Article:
Bitcoin and other digital currencies have become known as cryptocurrencies. So if you hear the word cryptocurrency they are simply referring to a digital currency that was made possible by blockchain technology.
Now that we've explored the basics of blockchains, it's helpful to look at why Bitcoin was originally created as an example of their actual real world benefits.
Bitcoin was created in 2009 partly in response to a combination of the financial collapse of the banking industry, the role central governments played in that, and the increasing dominance of the internet by big tech.
The idea behind Bitcoin is that transactions would be verified by code instead of being brokered by a bank or a government agency. Advocates argue this is a more fair system: the code sets the rules and there is no favoritism. So for the first time, people could own currency without a government or tech company as a middle man. Individuals essentially become "their own bank" - storing digital assets that no one else can take away or interfere with. As Bitcoin proponents like to say: "not your keys, not your coins."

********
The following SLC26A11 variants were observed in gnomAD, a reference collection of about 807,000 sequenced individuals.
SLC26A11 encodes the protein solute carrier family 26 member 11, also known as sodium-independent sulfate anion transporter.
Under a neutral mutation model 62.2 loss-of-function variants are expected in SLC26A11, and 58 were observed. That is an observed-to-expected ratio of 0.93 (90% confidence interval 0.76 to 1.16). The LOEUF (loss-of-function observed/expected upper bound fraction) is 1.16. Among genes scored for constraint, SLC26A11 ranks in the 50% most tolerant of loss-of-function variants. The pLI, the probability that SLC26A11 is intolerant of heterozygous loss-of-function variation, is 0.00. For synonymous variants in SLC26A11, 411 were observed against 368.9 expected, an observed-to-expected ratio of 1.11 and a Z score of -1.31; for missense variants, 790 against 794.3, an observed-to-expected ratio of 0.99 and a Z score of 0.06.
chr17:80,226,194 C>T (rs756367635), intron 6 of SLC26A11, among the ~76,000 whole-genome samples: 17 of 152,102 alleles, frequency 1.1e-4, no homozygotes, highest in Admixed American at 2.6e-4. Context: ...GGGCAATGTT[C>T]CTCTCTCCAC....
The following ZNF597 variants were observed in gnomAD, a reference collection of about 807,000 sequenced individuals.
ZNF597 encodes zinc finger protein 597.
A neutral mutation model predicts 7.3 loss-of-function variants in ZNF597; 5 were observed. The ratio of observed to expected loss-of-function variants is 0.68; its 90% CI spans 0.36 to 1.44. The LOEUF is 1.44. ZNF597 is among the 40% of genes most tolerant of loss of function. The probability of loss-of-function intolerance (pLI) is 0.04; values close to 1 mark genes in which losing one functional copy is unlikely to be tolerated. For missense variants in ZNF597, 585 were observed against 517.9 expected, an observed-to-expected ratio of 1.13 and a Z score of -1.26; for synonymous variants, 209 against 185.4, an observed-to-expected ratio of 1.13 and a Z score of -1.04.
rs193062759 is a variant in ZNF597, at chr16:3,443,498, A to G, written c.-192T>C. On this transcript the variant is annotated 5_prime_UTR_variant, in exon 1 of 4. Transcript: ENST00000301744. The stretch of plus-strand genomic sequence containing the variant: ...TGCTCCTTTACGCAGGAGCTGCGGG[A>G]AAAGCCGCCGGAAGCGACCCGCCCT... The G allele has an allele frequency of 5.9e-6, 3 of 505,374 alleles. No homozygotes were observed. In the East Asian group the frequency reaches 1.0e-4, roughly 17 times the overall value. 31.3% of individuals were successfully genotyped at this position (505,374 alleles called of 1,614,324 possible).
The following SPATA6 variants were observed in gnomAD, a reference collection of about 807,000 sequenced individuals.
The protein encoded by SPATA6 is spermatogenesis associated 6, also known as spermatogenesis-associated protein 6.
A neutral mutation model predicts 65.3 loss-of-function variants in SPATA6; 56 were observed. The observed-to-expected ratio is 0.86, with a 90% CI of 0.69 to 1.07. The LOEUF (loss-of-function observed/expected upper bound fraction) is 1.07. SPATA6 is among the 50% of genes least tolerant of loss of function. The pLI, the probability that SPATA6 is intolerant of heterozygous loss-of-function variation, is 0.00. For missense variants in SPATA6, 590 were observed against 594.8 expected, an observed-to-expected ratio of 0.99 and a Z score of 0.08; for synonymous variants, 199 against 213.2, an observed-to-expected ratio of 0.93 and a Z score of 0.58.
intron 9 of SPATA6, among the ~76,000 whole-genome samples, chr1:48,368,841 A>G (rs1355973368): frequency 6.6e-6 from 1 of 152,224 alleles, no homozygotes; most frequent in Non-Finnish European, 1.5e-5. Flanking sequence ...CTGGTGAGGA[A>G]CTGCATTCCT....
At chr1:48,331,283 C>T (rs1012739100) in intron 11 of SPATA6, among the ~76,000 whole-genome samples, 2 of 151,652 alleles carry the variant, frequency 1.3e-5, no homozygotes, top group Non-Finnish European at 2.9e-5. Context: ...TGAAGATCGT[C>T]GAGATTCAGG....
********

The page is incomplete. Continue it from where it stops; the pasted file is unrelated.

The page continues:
On the surface Bitcoin is digital money, but underneath is a powerful foundation that gives a new way of doing business.
Let's take a look at the effect that Bitcoin has had on the world and the way we do business.